South Asian Chars as Destabilizers

Kuntala Lahiri-Dutt, Jenia Mukherjee

    Research output: Chapter in Book/Report/Conference proceedingChapter


    Many researchers have studied chars as physical and geomorphological entities and have categorized them into various ‘types’. This chapter asks: ‘Can chars be seen also as symbols?’ ‘What do the chars symbolize?’ We investigate these questions in this chapter, in light of recent social science research that has critiqued the inherent scientism on which many such studies are founded. In particular, we argue that the small, unstable and impermanent chars are powerful because they are symbols of destabilization. By their very existence, chars demolish a number of dearly held scientific concepts and ideas. Of these, the idea of rivers as carriers of only water is one. Chars also subvert the notion of people as essentially sedentary and land as permanent and safe, and disrupt the view of land and water as two fundamentally separate physical elements of nature. Finally, and most crucially for their futures in the increasingly uncertain world, chars and the lives of people who live on them also dislocate the notion of ‘adaptation’, by showing that people on chars are continually adjusting on a daily basis to make the best out of their local environments. We deploy ‘chars as destabilizers’ as the theoretical traction to complicate meanings and perceptions across ‘stable’ and ‘unstable’ in environments to underline that such environments and habitats are in a continual flux.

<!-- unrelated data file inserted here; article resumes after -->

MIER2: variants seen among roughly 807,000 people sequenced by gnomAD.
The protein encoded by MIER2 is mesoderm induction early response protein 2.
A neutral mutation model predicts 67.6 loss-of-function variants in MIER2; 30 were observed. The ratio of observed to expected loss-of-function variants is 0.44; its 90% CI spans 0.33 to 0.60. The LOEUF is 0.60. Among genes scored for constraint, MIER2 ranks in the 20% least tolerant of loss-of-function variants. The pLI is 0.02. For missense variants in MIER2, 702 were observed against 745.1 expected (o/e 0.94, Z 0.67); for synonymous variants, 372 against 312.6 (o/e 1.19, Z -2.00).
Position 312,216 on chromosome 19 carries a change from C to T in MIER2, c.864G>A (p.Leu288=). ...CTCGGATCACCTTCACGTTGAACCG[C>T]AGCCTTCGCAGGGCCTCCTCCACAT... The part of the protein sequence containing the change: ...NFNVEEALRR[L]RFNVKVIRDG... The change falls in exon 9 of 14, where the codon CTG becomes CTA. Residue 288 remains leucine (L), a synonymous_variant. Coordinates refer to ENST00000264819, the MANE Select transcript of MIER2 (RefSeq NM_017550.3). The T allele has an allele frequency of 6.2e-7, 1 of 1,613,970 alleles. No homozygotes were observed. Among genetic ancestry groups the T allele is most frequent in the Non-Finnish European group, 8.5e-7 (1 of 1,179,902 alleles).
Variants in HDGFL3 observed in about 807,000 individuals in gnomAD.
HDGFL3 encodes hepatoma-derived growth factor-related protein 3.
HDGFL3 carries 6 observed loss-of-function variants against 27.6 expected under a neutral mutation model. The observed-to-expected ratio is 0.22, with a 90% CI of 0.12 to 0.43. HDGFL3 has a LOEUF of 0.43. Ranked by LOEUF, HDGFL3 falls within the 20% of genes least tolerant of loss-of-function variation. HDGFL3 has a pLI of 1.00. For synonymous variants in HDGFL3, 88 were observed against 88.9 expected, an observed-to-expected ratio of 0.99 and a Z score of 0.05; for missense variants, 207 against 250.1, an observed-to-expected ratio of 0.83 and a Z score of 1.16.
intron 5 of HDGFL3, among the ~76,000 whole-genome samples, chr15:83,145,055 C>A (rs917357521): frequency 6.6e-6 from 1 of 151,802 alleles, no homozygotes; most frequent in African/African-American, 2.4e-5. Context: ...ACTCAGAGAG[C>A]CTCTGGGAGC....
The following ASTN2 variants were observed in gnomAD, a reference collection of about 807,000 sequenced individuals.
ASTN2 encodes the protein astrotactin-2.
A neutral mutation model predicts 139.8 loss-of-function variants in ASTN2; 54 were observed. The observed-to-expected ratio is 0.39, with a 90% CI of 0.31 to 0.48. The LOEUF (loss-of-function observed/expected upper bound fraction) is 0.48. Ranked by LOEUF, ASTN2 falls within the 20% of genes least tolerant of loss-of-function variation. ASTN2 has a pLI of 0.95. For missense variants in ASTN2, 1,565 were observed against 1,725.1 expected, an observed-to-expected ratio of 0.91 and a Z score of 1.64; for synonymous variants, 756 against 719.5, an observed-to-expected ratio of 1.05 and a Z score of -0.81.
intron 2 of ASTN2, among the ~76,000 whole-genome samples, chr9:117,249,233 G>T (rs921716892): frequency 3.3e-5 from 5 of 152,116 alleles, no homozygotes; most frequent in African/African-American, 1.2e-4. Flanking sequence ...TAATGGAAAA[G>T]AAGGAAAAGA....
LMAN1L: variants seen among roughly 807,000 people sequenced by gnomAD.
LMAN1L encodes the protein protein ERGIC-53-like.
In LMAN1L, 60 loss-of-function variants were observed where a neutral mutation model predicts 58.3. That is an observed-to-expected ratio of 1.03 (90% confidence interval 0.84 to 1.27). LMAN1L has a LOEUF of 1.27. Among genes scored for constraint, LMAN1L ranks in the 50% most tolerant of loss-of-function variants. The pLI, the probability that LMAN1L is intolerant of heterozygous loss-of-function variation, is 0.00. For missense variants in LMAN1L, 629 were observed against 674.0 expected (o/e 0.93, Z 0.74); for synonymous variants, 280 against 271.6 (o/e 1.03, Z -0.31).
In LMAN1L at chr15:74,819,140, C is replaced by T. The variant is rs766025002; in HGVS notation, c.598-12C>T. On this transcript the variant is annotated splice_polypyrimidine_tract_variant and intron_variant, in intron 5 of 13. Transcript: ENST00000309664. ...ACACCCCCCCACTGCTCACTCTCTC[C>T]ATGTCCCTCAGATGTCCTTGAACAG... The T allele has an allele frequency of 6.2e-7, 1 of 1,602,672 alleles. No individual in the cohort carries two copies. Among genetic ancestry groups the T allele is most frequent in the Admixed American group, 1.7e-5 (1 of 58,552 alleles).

Original languageEnglish
    Title of host publicationLiving on the Edge
    Editors Mohammad Zaman, Mustafa Alam
    Place of PublicationSwitzerland
    ISBN (Print)978-3-030-73591-3
    Publication statusPublished - 2021


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